C++ pointer to const pointer

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I'm still confusing where to place const in pointers with more than one indirection. Can someone clarify?

E.g. right now I need a pointer to const pointer, meaning such a variable int **ppTargets that I can assign int *pTargets variable to it, like:

int foo(int **ppTargets) {     int *pTargets = /* calculate here */;     *ppTargets = pTargets;     return 37; // just e.g. } 

The above code lacks const. So in foo I want pTargets to point to constant memory and be unassignable after initialization (so that one cannot write e.g. pTargets++), that would be int const *const pTargets = /* assigned once */. Next I want to declare ppTargets that ppTargets itself can be assigned, but then *ppTargets can only be read.

In the other words, in the caller code I want:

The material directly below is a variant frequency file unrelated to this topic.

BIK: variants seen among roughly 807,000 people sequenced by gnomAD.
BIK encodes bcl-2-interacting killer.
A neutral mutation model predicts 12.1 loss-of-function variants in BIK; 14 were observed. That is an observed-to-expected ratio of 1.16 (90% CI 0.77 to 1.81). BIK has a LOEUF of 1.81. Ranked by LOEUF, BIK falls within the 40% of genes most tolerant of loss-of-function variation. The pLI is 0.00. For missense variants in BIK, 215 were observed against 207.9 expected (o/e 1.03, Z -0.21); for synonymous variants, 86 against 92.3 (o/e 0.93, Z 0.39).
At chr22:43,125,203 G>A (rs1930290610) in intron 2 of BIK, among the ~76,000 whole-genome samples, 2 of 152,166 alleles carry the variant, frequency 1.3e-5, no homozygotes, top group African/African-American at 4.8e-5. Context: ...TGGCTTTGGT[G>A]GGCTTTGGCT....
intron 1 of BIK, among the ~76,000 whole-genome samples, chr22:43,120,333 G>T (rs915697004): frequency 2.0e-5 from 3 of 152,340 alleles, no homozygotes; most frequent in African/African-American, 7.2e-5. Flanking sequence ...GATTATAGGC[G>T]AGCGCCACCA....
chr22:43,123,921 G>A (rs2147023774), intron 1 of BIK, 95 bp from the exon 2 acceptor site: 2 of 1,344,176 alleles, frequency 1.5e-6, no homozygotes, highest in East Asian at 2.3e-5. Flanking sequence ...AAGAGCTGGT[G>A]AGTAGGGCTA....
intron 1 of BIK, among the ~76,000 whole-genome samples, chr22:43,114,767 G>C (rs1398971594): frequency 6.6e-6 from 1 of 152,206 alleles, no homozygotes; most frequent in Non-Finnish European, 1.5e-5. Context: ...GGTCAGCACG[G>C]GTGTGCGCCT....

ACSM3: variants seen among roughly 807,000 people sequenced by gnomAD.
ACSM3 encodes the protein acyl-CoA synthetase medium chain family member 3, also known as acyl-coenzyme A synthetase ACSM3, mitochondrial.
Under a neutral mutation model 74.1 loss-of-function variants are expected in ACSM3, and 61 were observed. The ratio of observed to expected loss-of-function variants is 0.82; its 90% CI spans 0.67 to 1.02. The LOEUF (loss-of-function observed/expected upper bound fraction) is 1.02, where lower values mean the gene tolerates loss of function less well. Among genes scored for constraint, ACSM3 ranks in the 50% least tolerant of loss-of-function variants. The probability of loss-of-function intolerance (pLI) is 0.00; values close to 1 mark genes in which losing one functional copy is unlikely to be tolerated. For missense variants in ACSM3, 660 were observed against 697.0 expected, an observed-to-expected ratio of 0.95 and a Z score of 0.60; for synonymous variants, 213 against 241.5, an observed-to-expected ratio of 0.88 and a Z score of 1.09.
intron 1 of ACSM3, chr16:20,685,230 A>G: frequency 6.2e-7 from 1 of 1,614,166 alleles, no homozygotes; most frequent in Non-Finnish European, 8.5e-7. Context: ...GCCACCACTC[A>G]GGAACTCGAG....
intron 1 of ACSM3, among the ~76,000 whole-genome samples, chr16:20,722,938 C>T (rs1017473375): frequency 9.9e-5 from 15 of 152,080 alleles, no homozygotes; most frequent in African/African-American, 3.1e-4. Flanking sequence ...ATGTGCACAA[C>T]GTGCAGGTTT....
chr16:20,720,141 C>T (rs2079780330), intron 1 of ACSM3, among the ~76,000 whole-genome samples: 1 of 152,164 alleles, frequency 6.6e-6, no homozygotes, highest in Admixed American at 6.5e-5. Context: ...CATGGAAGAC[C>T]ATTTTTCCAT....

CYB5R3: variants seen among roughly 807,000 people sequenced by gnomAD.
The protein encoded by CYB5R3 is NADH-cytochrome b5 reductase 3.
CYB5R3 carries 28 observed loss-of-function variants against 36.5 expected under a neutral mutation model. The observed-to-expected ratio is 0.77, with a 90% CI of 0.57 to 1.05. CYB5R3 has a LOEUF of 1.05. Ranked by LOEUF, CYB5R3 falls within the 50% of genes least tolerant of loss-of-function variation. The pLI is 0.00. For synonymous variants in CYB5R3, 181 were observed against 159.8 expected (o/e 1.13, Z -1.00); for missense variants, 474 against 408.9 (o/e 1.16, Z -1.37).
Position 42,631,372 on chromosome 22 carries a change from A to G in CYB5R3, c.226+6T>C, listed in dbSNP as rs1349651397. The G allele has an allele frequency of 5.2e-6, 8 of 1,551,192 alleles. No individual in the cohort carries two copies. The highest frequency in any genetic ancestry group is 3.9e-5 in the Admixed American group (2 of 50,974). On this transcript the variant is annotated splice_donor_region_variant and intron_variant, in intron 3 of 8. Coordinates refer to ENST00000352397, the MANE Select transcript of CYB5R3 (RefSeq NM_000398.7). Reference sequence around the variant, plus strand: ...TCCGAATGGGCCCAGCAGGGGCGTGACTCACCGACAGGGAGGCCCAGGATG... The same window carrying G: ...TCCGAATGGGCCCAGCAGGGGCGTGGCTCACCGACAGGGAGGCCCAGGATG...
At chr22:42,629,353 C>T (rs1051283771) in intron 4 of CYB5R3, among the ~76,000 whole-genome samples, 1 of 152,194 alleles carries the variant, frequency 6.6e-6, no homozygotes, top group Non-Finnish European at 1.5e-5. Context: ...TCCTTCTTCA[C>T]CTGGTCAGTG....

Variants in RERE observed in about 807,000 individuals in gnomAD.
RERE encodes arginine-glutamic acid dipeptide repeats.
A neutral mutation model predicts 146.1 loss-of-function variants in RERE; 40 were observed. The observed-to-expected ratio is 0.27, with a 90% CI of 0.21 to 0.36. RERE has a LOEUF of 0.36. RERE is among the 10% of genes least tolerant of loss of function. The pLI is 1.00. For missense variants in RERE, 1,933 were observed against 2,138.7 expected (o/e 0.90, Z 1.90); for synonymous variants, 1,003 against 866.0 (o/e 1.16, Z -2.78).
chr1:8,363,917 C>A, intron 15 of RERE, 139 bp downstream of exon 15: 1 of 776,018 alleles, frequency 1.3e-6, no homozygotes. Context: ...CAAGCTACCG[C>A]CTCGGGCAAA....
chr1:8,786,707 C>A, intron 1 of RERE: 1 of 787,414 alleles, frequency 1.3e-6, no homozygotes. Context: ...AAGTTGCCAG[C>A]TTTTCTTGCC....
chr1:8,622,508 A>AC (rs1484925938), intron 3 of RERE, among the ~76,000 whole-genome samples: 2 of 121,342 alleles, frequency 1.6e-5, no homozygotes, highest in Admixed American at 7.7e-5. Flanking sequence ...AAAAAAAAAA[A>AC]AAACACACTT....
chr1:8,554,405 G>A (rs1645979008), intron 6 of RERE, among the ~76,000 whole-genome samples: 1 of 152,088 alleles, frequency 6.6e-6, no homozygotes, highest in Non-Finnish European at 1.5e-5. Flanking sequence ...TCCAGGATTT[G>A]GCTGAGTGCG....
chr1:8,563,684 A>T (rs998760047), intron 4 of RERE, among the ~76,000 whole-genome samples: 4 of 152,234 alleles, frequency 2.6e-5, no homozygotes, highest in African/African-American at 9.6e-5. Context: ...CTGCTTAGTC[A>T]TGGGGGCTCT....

int const* pTargets; foo(&pTargets); 

I tried to declare foo as follows, but get an error you cannot assign to a variable that is const:

int foo(int *const *const ppTargets) 


What you're looking for is int const * const * ppTarget. No, wait, you're looking for int const ** const ppTarget. No no, it's int * const * const * ppTarget.

Chances are one of them is correct (I'm betting the first one). However, you don't want people reading your code to guess what it is you mean. It's just too confusing. C++ can do that to you.

What you should do, is use typedefs to make sure people who read the code understand what you want.

typedef const int *CINT_PTR; CINT_PTR pTarget = ....; CINT_PTR *ppTarget = &pTarget; 


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